There are a number of ways to calculate/measure/assess whether you are healthy, overweight, etc.

BMI = Body Mass Index

BMI is a number calculated using your weight and height. It provides a reliable indicator of body fatness for most people and is used to screen for weight categories that may lead to health problems. It is not 100% reliable for all body types, but it is a quick and dirty method you can use to determine if your weight is putting you at risk for health complications.

Use the CDC online calculator to determine your BMI.

Body Fat Percentage

BMI does not measure your actual body fat percentage, aka the percentage of fat your body contains.

Unfortunately it is not as easy to determine your body fat percentage. Be weary of online tools or cheap devices that claim they can calculate your body fat percentage. They do not work!

There are a number of methods, none of which are 100% accurate, but some are better than others. The gold standard method involves underwater weighing and is impractical for most people. Instead, there are two methods available to most people, which may require only a nominal fee if any.

Bioelectrical impedance determines the opposition to the flow of an electric current through body tissues. This can be used to calculate a person's total body water, which in turn can be used to estimate body fat.

Sounds scary, doesn't it?!? I've had it done several times and I assure you it is painless. You simply stand on what looks like a typical scale (you do have to be bare foot and you might have to deposit a tiny drop of water on each foot plate), after inputing some basic information about yourself and it gives you a response much like your home scale would but with additional information.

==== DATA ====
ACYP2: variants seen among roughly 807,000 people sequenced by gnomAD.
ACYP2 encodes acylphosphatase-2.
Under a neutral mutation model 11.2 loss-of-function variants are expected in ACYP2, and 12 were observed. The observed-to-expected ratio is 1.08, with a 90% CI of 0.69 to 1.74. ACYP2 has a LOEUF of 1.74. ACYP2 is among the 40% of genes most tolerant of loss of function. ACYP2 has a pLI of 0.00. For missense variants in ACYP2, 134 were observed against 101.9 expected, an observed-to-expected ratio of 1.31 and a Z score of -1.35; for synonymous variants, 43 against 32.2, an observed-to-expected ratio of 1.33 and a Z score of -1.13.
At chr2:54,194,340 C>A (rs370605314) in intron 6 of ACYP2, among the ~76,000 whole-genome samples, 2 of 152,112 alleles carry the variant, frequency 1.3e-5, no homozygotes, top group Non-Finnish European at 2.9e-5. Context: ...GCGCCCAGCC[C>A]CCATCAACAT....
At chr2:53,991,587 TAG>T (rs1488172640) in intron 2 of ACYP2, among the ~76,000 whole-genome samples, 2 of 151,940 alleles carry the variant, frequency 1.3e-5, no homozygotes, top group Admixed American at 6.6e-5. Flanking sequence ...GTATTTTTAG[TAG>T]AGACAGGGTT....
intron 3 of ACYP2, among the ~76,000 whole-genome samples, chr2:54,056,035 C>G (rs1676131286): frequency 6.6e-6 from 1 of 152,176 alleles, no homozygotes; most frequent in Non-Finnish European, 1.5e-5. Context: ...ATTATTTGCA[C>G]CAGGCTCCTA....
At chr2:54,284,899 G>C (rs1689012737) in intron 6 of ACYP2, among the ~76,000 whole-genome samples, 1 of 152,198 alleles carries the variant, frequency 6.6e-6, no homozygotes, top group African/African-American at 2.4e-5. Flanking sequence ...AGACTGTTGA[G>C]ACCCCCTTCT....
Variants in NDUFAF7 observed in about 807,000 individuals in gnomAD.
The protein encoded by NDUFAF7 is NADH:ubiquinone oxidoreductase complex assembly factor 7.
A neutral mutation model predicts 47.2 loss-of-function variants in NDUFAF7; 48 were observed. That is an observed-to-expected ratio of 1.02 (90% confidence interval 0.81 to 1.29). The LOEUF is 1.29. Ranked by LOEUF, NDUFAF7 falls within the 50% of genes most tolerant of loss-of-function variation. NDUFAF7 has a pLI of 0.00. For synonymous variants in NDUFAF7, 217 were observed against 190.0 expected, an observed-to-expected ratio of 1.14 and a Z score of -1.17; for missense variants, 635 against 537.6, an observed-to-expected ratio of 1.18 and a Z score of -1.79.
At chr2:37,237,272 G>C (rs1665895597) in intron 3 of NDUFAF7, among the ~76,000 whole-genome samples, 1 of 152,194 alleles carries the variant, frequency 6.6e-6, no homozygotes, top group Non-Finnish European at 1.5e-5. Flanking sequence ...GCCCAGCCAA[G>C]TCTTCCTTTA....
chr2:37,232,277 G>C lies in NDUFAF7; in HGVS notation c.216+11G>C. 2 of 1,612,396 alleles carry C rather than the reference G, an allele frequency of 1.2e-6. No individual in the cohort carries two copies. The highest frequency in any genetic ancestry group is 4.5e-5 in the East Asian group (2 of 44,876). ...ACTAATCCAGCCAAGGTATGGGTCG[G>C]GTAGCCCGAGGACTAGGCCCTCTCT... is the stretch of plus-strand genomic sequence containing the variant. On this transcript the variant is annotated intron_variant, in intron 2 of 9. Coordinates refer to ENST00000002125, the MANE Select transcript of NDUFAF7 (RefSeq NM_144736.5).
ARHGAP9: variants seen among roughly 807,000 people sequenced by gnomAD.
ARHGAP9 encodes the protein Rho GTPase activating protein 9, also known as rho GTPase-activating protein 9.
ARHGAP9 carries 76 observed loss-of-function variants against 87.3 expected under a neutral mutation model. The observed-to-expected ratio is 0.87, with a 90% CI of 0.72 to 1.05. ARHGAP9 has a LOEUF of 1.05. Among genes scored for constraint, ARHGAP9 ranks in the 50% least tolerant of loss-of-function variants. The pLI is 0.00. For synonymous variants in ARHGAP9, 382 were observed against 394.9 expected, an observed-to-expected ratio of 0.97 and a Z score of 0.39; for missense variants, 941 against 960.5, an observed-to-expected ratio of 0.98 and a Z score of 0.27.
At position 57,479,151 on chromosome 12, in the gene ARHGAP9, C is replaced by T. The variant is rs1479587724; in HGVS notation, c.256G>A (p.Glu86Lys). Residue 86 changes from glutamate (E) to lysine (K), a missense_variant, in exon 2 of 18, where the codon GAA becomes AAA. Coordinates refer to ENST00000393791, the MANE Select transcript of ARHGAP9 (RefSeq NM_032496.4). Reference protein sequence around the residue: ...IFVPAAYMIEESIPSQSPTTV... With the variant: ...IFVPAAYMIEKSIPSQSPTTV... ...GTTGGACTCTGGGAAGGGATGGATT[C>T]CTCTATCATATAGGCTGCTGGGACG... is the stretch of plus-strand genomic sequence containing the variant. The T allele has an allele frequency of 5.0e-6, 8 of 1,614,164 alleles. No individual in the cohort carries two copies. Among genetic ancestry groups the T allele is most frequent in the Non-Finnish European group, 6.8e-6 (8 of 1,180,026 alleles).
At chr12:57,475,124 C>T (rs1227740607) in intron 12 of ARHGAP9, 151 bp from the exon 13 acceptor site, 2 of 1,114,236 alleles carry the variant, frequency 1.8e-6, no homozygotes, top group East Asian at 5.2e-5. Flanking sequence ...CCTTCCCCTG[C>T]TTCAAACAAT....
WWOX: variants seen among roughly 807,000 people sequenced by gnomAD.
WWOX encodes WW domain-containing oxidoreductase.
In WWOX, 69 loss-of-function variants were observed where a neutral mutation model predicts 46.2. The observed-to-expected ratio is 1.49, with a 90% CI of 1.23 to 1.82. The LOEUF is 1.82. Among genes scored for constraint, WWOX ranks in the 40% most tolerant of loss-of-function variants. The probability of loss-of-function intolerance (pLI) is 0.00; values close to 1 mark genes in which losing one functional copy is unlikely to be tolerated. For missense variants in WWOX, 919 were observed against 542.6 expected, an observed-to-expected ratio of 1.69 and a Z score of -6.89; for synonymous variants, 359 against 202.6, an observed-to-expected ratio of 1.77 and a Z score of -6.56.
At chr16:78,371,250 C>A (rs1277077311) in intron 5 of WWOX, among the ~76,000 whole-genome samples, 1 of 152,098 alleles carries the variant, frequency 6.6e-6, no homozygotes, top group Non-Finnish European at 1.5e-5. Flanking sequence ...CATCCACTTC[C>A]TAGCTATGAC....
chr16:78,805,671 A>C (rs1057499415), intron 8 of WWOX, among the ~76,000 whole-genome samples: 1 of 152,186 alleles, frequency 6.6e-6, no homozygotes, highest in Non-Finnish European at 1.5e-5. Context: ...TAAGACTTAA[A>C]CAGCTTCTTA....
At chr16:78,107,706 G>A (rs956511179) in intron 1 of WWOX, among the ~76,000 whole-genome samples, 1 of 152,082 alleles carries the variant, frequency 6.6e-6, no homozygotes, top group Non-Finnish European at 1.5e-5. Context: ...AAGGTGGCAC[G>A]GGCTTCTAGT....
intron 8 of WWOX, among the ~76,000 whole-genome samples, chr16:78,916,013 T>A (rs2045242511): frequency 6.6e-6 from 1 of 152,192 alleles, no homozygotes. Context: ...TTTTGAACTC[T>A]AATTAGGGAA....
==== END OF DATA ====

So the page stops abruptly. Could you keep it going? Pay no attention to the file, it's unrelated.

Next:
It is quick, portable and relatively reliable...if you are using a good machine. Many scales claim to measure body fat without actually doing so. The machines I used were property of my university and hospital. So to give it a go, I would look there first. Your local gym might have one as well, but I would ask questions about it to make sure it is legit.

A skin fold test is the tried and true, easy, quick method for determining body fat. I learned how to do this in school and, let me tell you, it can be tricky so consistency is key! To have this done, someone (preferrably someone trained and well-practiced) uses special calipers to pinch your skin in a number of specific places on your body. The thickness of these folds is a measure of the fat under the skin, also called subcutaneous adipose tissue.